Saturday, February 17, 2018

Lake Urmia Hints at the Location of the Flood of Noah

Lake Urmia is a large but variable salt-water lake just inside the Iranian border from Turkey. Those of you who have read Early Genesis, the Revealed Cosmology know that I argue that the flood of Noah was local in extent. It still would have been global in effect because it would have eliminated the line of Messiah who would redeem the world. I also argued that it was an eastern highland flood, not something that happened in primarily in what would be Babylon or Sumer. Taking the genealogies from a calendar-patriarch perspective puts the flood at 4,500 B.C., or just over 6,500 years ago.

The only problem was that I had no evidence of an eastern highland flood. I was just going by how I read the text of scripture, not evidence from the natural world. So I started looking. I figured a key area would be Lake Urmia, and its mentioned several times in my book as a reference point in the flood. An Aras River valley flood would wash out there.

That led me to this paper (click on the "full text PDF" button on the upper right). On page 15 (study page 658) just above conclusions it notes: "The Holocene record is unavailable due to the loss of the upper 4.5 m of sediment." What? How did 4.5 meters of sediment get washed away right around the time I was interested in?

Look at the chart on page 13 (study page 656) closely. They took core samples corresponding to 200,000 years. Only once before in all that time was a layer of sediment lost from Lake Urmia. That was around 100,000 years ago and it was only about 1/10th the sediment lost in the Holocene. What happened in the last 10,000 years that took 10 times as much sediment as was taken in the last 200,000 years?

1 comment:

  1. It is my hypothesis that these deposits were the result of a glancing blow from a regional flood which impacted the area to the north. Oceanographer Robert Ballard found in his explorations of the floor of the Black Sea that the freshwater Mollusk shells disappeared around 6,500 years ago (4,500 BC) or 7,000 years ago. They were eventually replaced with salt water mollusk some centuries later. Right around the time I am claiming for the southern flood as well. Two articles on that…

    NY Daily News

    Explorer Bob Ballard finds proof of ancient flood
    Ballard and his team have uncovered ancient houses 400 feet below the surface of the Black Sea, which suggests a huge, sudden flood some 7,000 years ago.

    https://www.trussel.com/prehist/news210.htm

    The articles keep mention 7,000 years ago as the flooding because that is when the salt water mollusks replaced the freshwater ones but the freshwater ones went away, then a small gap, then the salt water ones replaced them.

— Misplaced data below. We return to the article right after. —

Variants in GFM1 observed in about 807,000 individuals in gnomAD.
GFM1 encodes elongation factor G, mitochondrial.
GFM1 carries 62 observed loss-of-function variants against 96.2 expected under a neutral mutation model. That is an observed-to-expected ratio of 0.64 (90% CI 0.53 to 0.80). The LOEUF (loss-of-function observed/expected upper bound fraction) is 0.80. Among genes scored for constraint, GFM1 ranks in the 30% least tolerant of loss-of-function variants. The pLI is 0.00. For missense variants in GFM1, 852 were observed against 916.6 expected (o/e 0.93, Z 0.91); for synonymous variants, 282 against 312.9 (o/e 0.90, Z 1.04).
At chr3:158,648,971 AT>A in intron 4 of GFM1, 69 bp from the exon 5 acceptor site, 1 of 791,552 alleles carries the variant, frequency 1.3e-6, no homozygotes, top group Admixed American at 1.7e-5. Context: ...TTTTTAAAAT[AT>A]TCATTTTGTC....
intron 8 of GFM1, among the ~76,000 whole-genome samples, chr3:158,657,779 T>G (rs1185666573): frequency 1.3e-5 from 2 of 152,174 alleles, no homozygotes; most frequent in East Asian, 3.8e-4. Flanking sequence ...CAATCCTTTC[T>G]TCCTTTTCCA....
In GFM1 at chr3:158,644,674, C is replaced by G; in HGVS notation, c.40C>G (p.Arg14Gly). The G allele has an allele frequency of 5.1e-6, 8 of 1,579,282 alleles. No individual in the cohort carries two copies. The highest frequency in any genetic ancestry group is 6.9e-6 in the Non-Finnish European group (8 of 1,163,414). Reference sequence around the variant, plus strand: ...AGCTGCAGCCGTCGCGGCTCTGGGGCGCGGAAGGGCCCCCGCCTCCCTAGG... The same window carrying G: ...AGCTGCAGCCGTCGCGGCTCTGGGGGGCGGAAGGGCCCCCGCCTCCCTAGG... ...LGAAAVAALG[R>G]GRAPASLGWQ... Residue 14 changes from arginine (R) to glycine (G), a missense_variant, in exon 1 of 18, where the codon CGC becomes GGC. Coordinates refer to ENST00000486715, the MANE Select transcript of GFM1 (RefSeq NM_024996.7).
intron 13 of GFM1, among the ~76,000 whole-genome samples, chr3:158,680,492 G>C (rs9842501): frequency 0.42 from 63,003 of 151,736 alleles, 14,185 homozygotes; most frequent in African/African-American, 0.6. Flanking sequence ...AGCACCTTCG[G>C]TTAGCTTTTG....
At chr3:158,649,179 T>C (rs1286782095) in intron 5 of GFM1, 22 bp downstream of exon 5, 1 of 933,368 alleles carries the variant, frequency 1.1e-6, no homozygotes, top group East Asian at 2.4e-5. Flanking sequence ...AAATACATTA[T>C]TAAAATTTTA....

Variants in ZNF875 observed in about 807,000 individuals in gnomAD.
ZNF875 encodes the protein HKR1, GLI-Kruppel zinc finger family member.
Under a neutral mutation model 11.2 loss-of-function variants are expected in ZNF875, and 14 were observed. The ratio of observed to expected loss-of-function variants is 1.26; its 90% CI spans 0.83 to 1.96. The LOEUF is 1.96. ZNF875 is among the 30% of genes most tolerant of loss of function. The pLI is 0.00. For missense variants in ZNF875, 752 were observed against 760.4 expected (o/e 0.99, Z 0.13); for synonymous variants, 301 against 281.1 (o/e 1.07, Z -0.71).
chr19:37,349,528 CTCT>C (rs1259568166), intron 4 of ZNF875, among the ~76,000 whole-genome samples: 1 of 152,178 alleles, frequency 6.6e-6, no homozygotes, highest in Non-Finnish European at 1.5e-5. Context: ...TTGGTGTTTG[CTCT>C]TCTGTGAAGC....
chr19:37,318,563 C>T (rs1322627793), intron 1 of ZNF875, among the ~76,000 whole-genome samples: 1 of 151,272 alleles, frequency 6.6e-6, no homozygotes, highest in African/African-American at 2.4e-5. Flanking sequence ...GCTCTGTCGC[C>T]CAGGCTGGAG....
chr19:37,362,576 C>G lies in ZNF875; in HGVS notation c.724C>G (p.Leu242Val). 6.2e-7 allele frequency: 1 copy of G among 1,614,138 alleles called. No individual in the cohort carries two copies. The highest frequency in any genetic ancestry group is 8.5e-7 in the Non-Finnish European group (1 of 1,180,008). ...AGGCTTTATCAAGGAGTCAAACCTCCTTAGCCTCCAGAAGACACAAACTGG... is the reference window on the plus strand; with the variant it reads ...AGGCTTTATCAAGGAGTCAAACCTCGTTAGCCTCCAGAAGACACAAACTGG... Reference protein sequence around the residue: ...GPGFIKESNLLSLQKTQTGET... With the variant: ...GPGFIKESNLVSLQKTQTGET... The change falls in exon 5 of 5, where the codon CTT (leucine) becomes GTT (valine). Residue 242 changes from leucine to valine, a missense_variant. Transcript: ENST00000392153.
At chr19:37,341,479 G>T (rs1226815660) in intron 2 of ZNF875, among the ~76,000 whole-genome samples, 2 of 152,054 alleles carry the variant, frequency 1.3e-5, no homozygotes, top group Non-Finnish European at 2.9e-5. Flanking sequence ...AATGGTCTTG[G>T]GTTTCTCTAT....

This is just to the north of my proposed target zone at the same time.

    It is well-known that Lake Van had a dramatic 300 meter rise around 6,500 years ago. The methods they used to determine the time frame could not distinguish any time periods less than two or three centuries, but that does not mean it took three centuries to rise to that level or that even that was the highest level it ever reached. It was just the smallest time frame they could determine and the height was a good average in that time frame. https://en.wikipedia.org/wiki/Lake_Van

    In 1953 Dr. Friedrich Bender carbon-dated a sample from a wood beam near Mr. Cudi (or Judi) which locals said was a beam from the ark. It’s carbon date was about 6500 years old. See page 112 (18/36) from this link http://www.biblearchaeology.org/publications/BAS19_4.pdf

    Then there is Lake Urmia. Click on this link https://www.researchgate.net/publication/236178574_Hydroclimatic_variations_over_the_last_two_glacialinterglacial_cycles_at_Lake_Urmia_Iran
    (click on the “full text PDF” button on the upper right). On page 15 (study page 658) just above conclusions it notes: “The Holocene record is unavailable due to the loss of the upper 4.5 m of sediment.” What? How did 4.5 meters of sediment get washed away right around the time I was interested in?

    Look at the chart on page 13 (study page 656) closely. They took core samples corresponding to 200,000 years. Only once before in all that time was a layer of sediment lost from Lake Urmia. That was around 100,000 years ago and it was only about 1/10th the sediment lost in the Holocene. What happened in the last 10,000 years that took 10 times as much sediment as was taken in the last 200,000 years?

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